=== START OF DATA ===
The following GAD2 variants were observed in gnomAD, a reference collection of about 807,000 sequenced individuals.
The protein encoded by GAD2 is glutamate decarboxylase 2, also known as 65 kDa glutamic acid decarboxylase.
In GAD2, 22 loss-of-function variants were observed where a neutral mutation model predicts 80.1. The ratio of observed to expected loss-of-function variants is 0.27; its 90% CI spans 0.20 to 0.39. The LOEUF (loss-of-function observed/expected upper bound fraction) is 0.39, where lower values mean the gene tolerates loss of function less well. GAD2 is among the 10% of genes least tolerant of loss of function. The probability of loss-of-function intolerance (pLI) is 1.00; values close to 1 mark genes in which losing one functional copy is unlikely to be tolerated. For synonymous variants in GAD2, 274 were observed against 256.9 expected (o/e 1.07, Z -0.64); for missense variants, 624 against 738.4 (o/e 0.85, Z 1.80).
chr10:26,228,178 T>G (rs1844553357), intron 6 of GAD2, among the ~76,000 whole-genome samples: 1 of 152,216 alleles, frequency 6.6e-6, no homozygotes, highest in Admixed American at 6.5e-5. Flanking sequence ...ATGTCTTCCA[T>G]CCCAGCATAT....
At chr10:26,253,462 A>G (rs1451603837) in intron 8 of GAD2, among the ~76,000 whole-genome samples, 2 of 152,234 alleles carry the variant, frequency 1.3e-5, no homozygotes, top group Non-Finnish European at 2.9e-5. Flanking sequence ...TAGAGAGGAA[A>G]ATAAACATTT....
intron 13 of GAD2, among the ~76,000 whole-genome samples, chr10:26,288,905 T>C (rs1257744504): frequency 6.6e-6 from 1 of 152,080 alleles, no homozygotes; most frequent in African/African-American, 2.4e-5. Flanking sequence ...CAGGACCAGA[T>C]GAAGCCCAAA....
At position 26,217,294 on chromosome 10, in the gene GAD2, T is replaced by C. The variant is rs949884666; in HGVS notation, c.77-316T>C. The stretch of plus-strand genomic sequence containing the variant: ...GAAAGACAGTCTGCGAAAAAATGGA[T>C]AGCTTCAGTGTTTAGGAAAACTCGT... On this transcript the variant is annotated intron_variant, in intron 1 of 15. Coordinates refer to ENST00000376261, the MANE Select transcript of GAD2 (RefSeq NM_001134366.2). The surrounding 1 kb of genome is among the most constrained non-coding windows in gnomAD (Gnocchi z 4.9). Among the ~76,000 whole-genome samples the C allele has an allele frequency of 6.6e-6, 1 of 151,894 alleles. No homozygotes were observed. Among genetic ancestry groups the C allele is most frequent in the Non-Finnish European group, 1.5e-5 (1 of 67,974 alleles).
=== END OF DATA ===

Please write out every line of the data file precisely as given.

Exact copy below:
The following GAD2 variants were observed in gnomAD, a reference collection of about 807,000 sequenced individuals.
The protein encoded by GAD2 is glutamate decarboxylase 2, also known as 65 kDa glutamic acid decarboxylase.
In GAD2, 22 loss-of-function variants were observed where a neutral mutation model predicts 80.1. The ratio of observed to expected loss-of-function variants is 0.27; its 90% CI spans 0.20 to 0.39. The LOEUF (loss-of-function observed/expected upper bound fraction) is 0.39, where lower values mean the gene tolerates loss of function less well. GAD2 is among the 10% of genes least tolerant of loss of function. The probability of loss-of-function intolerance (pLI) is 1.00; values close to 1 mark genes in which losing one functional copy is unlikely to be tolerated. For synonymous variants in GAD2, 274 were observed against 256.9 expected (o/e 1.07, Z -0.64); for missense variants, 624 against 738.4 (o/e 0.85, Z 1.80).
chr10:26,228,178 T>G (rs1844553357), intron 6 of GAD2, among the ~76,000 whole-genome samples: 1 of 152,216 alleles, frequency 6.6e-6, no homozygotes, highest in Admixed American at 6.5e-5. Flanking sequence ...ATGTCTTCCA[T>G]CCCAGCATAT....
At chr10:26,253,462 A>G (rs1451603837) in intron 8 of GAD2, among the ~76,000 whole-genome samples, 2 of 152,234 alleles carry the variant, frequency 1.3e-5, no homozygotes, top group Non-Finnish European at 2.9e-5. Flanking sequence ...TAGAGAGGAA[A>G]ATAAACATTT....
intron 13 of GAD2, among the ~76,000 whole-genome samples, chr10:26,288,905 T>C (rs1257744504): frequency 6.6e-6 from 1 of 152,080 alleles, no homozygotes; most frequent in African/African-American, 2.4e-5. Flanking sequence ...CAGGACCAGA[T>C]GAAGCCCAAA....
At position 26,217,294 on chromosome 10, in the gene GAD2, T is replaced by C. The variant is rs949884666; in HGVS notation, c.77-316T>C. The stretch of plus-strand genomic sequence containing the variant: ...GAAAGACAGTCTGCGAAAAAATGGA[T>C]AGCTTCAGTGTTTAGGAAAACTCGT... On this transcript the variant is annotated intron_variant, in intron 1 of 15. Coordinates refer to ENST00000376261, the MANE Select transcript of GAD2 (RefSeq NM_001134366.2). The surrounding 1 kb of genome is among the most constrained non-coding windows in gnomAD (Gnocchi z 4.9). Among the ~76,000 whole-genome samples the C allele has an allele frequency of 6.6e-6, 1 of 151,894 alleles. No homozygotes were observed. Among genetic ancestry groups the C allele is most frequent in the Non-Finnish European group, 1.5e-5 (1 of 67,974 alleles).